In our present day of social media, apps and instant gratification, it can be hard to impart the lessons of our U.S. history and the people that made our land great, in a way that has a memorable effect. Because of this, the motion picture industry can be a powerful tool in bringing stories and history that might not be learned otherwise, to the masses. Steven Spielberg’s Lincoln is a perfect example of this.
Personally, I have always been a fan of history of any kind, and U.S. history was no exception. I loved reading about the development of our country, from colonial times to the pioneers to the creation of the National Parks. When you read about history however, it can be hard to get past the bullet point highlights of a particular time frame or a persona. Abraham Lincoln, known as “Honest Abe” has a reputation few can compare to. Honesty, doing the right thing, and frank candor are what he is known for. This peek into his presidency offers a much more raw and unfiltered look at what actually went on to achieve the end of the Civil War and the ratification of the 13th Amendment, abolishing slavery.
Despite Lincoln’s reputation as an honest and forthright president, the film shows that he did whatever it took to get the 13th Amendment passed, even employing some undesirables to get the signatures he needed. It was a fascinating look at the process and I found myself wanting to learn more about each name and person that appeared on screen. I wanted to know their story, their contribution to our nation, their place in history. I guess perhaps that is the best compliment I can give Lincoln, as a film – the fact that it made me want to go out and learn more.
The cinematography, costumes and overall feel of the film was just wonderful. I loved little details like panning across a planning room with Lincoln and his advisers, and how each gentleman in the room had their own little journal. Just seeing how authentic everything looked was like being able to step back in time to what running the country and living in the 1800′s was really like. I was also relieved that, although the loss of life in the seemingly endless battles of the Civil War is important to note, it wasn’t the focal point of the movie, and the blood and gore was kept to a minimum (but it is there in places). The way they handled Lincoln’s assassination was extremely well done and I was impressed as well.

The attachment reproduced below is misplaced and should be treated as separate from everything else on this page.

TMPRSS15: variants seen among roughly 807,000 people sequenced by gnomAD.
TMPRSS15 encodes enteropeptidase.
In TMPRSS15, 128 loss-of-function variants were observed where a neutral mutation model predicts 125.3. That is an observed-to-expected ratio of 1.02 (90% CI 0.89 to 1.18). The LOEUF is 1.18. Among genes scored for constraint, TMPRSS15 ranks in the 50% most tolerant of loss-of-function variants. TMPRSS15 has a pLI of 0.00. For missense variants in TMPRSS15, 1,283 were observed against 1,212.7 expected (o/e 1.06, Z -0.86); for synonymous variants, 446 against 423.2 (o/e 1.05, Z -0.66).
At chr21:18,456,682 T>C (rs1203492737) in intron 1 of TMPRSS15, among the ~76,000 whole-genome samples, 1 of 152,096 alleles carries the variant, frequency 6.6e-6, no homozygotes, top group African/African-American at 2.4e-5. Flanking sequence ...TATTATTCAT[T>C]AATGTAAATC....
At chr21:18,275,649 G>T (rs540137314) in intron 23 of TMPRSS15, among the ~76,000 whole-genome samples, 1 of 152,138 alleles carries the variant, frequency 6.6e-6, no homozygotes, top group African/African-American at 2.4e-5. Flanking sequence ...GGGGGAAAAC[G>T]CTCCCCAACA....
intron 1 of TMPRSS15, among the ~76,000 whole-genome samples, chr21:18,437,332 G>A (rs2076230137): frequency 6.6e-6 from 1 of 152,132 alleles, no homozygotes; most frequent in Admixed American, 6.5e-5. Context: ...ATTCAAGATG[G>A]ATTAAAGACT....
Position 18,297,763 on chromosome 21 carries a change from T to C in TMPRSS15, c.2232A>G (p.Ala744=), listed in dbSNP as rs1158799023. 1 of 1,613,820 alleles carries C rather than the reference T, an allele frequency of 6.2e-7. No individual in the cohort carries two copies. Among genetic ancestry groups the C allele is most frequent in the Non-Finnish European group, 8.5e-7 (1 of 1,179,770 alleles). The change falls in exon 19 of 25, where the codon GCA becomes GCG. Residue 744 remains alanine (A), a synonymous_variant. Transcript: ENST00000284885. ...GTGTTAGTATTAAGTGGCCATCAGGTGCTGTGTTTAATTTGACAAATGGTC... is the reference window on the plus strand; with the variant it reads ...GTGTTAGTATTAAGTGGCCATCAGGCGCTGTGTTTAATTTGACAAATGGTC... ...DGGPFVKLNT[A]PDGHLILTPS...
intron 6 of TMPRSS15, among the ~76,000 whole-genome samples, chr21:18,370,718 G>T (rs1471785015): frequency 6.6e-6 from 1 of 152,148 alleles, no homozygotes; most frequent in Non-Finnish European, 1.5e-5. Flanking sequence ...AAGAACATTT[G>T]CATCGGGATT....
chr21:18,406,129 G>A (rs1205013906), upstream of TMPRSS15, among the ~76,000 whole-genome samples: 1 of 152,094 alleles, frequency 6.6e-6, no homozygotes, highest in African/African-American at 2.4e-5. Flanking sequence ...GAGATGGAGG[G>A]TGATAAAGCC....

The performances by one and all were simply flawless. Daniel Day Lewis seems to be born to play our 16th president, in almost an eerie way. Sally Field was amazing and powerful as Mary Todd Lincoln and each additional character lent something important to the screen. It was truly an ensemble cast and the writing made it enjoyable from start to finish. I loved the little stories Lincoln would tell and how his cronies would groan and get frustrated with him telling them. His jokes injected a much-needed levity to the subject matter and seeing the human side of him as a father and husband was a unique insight.
I loved the film and I cannot wait to see it again, own it when it comes out on DVD, and begin my quest to learn more about our country’s history. I recommend this to anyone and everyone, it should be required viewing to appreciate and honor the story of the United States; to learn and grow from our history.
Lincoln opens in theatres on Friday, Novermber 16. In preparation for the release of the film, you can now go behind-the-scenes of the movie with this exclusive interactive book “Lincoln: Discover the Story.” See how a crucial time in America’s history was recreated and brought to the screen with beautiful photos, art, interviews, music and more!
Available for now for FREE download for the iPad: http://bit.ly/QbEVRP